I do not know Debbie Poochigian personally, only by reputation and lineage. I do not necessarily agree with all of her positions and actions, but I do respect her leadership. It never seems to waver from her belief that she wants to do the right thing for her community.
That respect goes back many years, long before she began her career. It began in a raisin vineyard just west of Fresno near the town of Rolinda.
Decades ago, the raisin industry was going through one of its many downsides. There was a huge surplus of raisins. Past surpluses had been disposed of by feeding raisins to cattle. That did not sit well with consumers, who saw hungry people in the world and raisins going for livestock feed. The industry needed to do something creative to solve its problems.
It was decided to cut production by seeking volunteers to “drop” their crop. It was called the Raisin Industry Diversion program. In return, those growers would receive surplus raisins to sell to packers.
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You obviously cannot fallow vines. However, you can eliminate the crop with pruning. What made the program workable was with Thompson seedless vines. A grower can simply prune off all the canes in winter, leaving only what are called spurs, and the vines would not produce grapes. No canes; no crop. The vines could produce a crop the following season with seasonlong cane production from those spurs a year after RID.
However, most raisin growers were in financial trouble. Pruning of any type is expensive because it involves extensive hand labor. To drop a crop costs money.
A good friend I attended church with was in that situation. He had a fairly good-size vineyard. A group of us decided to help out and offered to remove the canes from the vines. Pruning trees and vines to produce a crop is a technical process. You have to know which canes or limbs are best to prune and which are best to leave on the tree or vine to produce a good crop in the coming season. None of us were professional pruners, so we figured if we had to prune everything, we could not hurt much.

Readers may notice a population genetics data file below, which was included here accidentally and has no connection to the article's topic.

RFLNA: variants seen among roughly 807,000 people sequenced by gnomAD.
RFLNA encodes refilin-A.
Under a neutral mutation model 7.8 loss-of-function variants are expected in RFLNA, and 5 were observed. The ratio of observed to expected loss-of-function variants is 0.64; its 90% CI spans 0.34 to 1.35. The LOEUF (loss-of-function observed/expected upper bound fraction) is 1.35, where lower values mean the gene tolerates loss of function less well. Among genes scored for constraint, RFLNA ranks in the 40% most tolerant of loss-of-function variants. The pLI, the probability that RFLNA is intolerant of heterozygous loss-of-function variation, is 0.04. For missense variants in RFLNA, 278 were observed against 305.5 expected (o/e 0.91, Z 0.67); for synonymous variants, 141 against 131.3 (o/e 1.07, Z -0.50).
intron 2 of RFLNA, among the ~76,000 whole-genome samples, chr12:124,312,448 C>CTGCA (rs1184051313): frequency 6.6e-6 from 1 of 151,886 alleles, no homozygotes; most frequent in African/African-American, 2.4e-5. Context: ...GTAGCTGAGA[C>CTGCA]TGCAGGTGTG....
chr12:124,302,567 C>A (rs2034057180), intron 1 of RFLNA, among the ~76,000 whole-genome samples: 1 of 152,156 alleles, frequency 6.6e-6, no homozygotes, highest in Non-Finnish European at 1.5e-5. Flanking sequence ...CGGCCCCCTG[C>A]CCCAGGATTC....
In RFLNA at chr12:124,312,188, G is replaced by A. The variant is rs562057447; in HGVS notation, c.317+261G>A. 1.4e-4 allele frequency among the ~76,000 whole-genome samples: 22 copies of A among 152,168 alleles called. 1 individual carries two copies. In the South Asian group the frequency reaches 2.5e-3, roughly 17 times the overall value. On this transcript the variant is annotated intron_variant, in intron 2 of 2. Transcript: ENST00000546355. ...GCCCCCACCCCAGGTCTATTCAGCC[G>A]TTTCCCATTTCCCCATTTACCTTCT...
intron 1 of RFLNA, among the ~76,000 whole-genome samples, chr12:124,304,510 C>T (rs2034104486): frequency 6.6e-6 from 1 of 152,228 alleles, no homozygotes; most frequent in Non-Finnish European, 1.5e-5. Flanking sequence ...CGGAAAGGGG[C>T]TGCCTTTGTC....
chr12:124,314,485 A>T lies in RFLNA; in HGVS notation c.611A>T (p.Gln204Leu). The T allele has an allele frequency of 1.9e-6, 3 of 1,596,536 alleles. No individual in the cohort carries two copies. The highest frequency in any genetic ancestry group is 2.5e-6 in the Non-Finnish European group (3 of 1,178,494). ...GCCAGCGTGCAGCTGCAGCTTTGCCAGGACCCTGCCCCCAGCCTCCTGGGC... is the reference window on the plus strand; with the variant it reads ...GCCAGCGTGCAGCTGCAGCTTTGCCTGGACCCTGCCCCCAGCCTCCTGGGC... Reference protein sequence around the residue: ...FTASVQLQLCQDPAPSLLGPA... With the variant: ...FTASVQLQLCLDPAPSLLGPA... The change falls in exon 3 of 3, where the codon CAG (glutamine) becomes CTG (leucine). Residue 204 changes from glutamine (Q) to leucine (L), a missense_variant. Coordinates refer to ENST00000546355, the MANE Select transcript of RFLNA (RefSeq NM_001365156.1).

Dozens of us showed up on a Saturday to prune our good friend’s vines. His wife had a big lunch spread out for us. It was a lot of fun.
As we were pruning away, a pickup pulled up that we did not recognize as part of our volunteer group. A man got out, tucked a pair of pruning shears under his arm and proceeded to join us. He obviously knew how to prune. He zipped through his share of the vines in no time flat, while we fumbled and bumbled. I thought I recognized him. My friend said that was his raisin grower neighbor, Poochigian’s father, Deran Koligian, who at the time was a Fresno County supervisor. (He later died of complications from cancer in 2001.)
We have no idea how he knew about our little helping-hands project. It was not publicized except among friends. There were no cameras, no reporters, no campaigning. He was there to help out his neighbor. I will never forget that.
Every time I read something about Poochigian, I think of her father and smile. It is obvious by her service on the Board of Supervisors that the daughter is cut from the same cloth as the father. She wants to do good for her neighbor.
It is refreshing to know that there are politicians who care for people above themselves. I wish her well in whatever endeavor she elects to pursue. There’s no doubt her community and state will be a better place for its people.
Harry Cline of Fresno is a journalist who has worked for daily newspapers in Texas and Arizona. He was the first editor of Western Farm Press.